On the Times article, I understood it differently. The tone was set in the first paragraph: a remote section of Afghanistan, where people could hear on the radio that in the rest of the country everyone was celebrating their liberation and the gifts of the wonderful Americans, and that they were the last ones still suffering. Then comes a literary rendition of the horrors of famine, with no attribution of causes, apart from the drought and the Taliban. And at the end comes “a miracle,” the magnificent American rescuers finally made it even to their remote corner and might save them too, though perhaps it is too late.
That’s highly effective propaganda, like articles in the British press during the Irish famine describing with much feeling and literary skill how awful it is to suffer famine, but ignoring the British role, blaming either Irish oppressors or circumstances out of control, and lauding the magnificent British for liberating the Irish from their travail.
But you’re quite right that material can be found in the mainstream press that utterly undermines the propaganda system. For example, I learned in the NY Times in 1962 that the US airforce was bombing South Vietnam and that huge numbers of people were being driven into concentration camps to “protect” them from the indigenous guerrillas who they were supporting. And I learned in 1999 that the claim that US was bombing Serbia in response to ethnic cleansing and to return its victims to their homes was a complete fabrication. And on, and on. Nonetheless, within the intellectual culture there is virtually no departure from the doctrine that the US was defending South Vietnam (perhaps unwisely) from terrorists attacking the country from outside, that the US undertook the noble mission of bombing to reverse ethnic cleansing and return refugees who had been driven out of Kosovo to their homes, etc. Filtering doesn’t end with the media. The media, particularly the elite “agenda-setting” media, are part of a general intellectual culture, overwhelmingly dedicated to support of power.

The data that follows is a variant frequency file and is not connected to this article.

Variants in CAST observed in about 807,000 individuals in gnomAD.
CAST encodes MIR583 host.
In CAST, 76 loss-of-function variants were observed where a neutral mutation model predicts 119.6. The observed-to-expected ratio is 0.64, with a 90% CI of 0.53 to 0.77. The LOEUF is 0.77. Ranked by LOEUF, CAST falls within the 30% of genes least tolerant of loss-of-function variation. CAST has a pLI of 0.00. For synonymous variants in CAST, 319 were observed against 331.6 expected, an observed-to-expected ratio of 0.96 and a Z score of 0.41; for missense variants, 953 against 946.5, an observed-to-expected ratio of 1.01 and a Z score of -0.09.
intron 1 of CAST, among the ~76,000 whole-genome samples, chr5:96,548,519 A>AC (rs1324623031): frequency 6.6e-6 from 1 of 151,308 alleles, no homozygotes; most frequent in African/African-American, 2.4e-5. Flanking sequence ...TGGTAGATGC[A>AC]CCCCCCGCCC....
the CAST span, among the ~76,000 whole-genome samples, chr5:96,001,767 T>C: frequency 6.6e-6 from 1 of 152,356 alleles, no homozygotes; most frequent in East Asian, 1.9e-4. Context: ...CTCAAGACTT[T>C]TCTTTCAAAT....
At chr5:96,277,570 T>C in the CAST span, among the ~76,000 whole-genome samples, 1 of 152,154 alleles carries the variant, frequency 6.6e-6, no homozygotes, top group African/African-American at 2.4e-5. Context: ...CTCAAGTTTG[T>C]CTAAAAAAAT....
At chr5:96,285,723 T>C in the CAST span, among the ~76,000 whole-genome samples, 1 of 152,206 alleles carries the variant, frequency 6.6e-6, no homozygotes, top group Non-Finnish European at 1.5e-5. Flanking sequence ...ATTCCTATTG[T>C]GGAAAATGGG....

Not just in the US. This is close to a historical universal, though there are dramatic exceptions. I just returned a few days ago from Turkey, where very prominent journalists, writers, lawyers, human rights activists and others show remarkable courage in condemning state repression and atrocities, facing serious dangers and often suffering imprisonment or worse. That’s true enough in Istanbul, where at least there is some marginal international attention, but even more so in the Kurdish southeast, which is a kind of prison camp for 10-15 million people, huge numbers of them driven out of the devastated countryside by some of the worst state terror of the 1990s. They continue to struggle. Here, where we face no threat, there is virtually no protest over the fact — easily discovered — that the US bears prime responsibility for the past and continuing atrocities, and could easily end them. The most that intellectuals will concede, occasionally, is that our policy was “flawed” or that we “looked the other way” and were “inconsistent” in our undying commitment to human rights everywhere. By any moral standards, that’s far below the most vulgar commissars, who could at least plead fear. The cowardice of privileged intellectuals in the West stands in glaring contrast to the courage of their counterparts in countries where they really do face serious dangers, in large part a result of our cowardice.
Nonetheless, at least in more privileged and powerful countries, support for power is the norm, overwhelmingly. There is nothing surprising about the fact that it is also true here.
Why do the media often provide crucial information undermining established doctrine? One important reason is that journalists are no different from other people. Many are honest, dedicated, courageous people who pursue their craft with honor and admirable professional integrity. They want to find the truth, whatever it is, and to report it honestly. Sometimes they succeed, though there is plenty of filtering at the news-management level. Furthermore, those in decision-making positions in the economic, political, and ideological domains have to have a tolerably realistic picture of the world. The editorial pages of the Wall Street Journal may be mostly a comic strip, but the news pages are often excellent, and some of the best reporting in the world can be found in the London Financial Times and other business journals. In addition, the discipline of the intellectual community can be trusted to shape what appears into forms that will serve power interests, to a substantial if not overwhelming extent.